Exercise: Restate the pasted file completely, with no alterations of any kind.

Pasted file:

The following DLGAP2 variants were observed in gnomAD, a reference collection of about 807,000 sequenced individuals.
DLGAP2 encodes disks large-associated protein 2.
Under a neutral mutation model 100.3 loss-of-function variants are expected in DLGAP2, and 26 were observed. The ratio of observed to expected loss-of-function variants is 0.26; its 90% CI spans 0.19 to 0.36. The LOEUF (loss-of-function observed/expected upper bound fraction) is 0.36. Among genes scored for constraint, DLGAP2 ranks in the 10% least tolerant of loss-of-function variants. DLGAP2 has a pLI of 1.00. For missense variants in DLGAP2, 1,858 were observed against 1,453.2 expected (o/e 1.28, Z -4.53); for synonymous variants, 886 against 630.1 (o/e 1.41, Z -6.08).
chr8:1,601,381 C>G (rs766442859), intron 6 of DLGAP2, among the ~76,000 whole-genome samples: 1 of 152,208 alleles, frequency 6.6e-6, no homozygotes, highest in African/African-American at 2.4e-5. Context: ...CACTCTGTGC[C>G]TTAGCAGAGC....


The following DLGAP2 variants were observed in gnomAD, a reference collection of about 807,000 sequenced individuals.
DLGAP2 encodes disks large-associated protein 2.
Under a neutral mutation model 100.3 loss-of-function variants are expected in DLGAP2, and 26 were observed. The ratio of observed to expected loss-of-function variants is 0.26; its 90% CI spans 0.19 to 0.36. The LOEUF (loss-of-function observed/expected upper bound fraction) is 0.36. Among genes scored for constraint, DLGAP2 ranks in the 10% least tolerant of loss-of-function variants. DLGAP2 has a pLI of 1.00. For missense variants in DLGAP2, 1,858 were observed against 1,453.2 expected (o/e 1.28, Z -4.53); for synonymous variants, 886 against 630.1 (o/e 1.41, Z -6.08).
chr8:1,601,381 C>G (rs766442859), intron 6 of DLGAP2, among the ~76,000 whole-genome samples: 1 of 152,208 alleles, frequency 6.6e-6, no homozygotes, highest in African/African-American at 2.4e-5. Context: ...CACTCTGTGC[C>G]TTAGCAGAGC....